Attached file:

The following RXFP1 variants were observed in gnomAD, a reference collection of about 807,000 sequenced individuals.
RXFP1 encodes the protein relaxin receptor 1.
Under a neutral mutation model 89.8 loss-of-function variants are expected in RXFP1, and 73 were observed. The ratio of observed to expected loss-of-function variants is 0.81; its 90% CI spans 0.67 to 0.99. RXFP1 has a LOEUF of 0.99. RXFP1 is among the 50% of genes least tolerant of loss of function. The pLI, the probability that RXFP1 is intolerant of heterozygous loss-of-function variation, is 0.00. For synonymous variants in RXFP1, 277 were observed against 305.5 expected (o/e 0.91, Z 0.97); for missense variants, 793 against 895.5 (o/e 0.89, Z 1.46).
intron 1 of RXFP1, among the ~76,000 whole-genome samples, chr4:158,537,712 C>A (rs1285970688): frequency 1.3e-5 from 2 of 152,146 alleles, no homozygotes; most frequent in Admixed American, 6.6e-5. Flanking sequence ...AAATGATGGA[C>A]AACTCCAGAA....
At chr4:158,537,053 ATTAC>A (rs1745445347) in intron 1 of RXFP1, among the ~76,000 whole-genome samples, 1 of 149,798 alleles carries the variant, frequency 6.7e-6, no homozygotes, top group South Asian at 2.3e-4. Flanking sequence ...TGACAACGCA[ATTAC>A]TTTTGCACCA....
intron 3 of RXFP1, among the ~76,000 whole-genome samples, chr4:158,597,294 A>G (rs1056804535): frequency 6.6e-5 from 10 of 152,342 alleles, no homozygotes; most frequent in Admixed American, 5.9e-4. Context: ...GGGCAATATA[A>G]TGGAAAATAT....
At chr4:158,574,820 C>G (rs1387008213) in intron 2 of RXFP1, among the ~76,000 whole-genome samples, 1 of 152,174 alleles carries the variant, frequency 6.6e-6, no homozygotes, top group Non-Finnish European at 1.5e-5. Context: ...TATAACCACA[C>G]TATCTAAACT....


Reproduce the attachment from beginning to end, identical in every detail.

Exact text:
The following RXFP1 variants were observed in gnomAD, a reference collection of about 807,000 sequenced individuals.
RXFP1 encodes the protein relaxin receptor 1.
Under a neutral mutation model 89.8 loss-of-function variants are expected in RXFP1, and 73 were observed. The ratio of observed to expected loss-of-function variants is 0.81; its 90% CI spans 0.67 to 0.99. RXFP1 has a LOEUF of 0.99. RXFP1 is among the 50% of genes least tolerant of loss of function. The pLI, the probability that RXFP1 is intolerant of heterozygous loss-of-function variation, is 0.00. For synonymous variants in RXFP1, 277 were observed against 305.5 expected (o/e 0.91, Z 0.97); for missense variants, 793 against 895.5 (o/e 0.89, Z 1.46).
intron 1 of RXFP1, among the ~76,000 whole-genome samples, chr4:158,537,712 C>A (rs1285970688): frequency 1.3e-5 from 2 of 152,146 alleles, no homozygotes; most frequent in Admixed American, 6.6e-5. Flanking sequence ...AAATGATGGA[C>A]AACTCCAGAA....
At chr4:158,537,053 ATTAC>A (rs1745445347) in intron 1 of RXFP1, among the ~76,000 whole-genome samples, 1 of 149,798 alleles carries the variant, frequency 6.7e-6, no homozygotes, top group South Asian at 2.3e-4. Flanking sequence ...TGACAACGCA[ATTAC>A]TTTTGCACCA....
intron 3 of RXFP1, among the ~76,000 whole-genome samples, chr4:158,597,294 A>G (rs1056804535): frequency 6.6e-5 from 10 of 152,342 alleles, no homozygotes; most frequent in Admixed American, 5.9e-4. Context: ...GGGCAATATA[A>G]TGGAAAATAT....
At chr4:158,574,820 C>G (rs1387008213) in intron 2 of RXFP1, among the ~76,000 whole-genome samples, 1 of 152,174 alleles carries the variant, frequency 6.6e-6, no homozygotes, top group Non-Finnish European at 1.5e-5. Context: ...TATAACCACA[C>G]TATCTAAACT....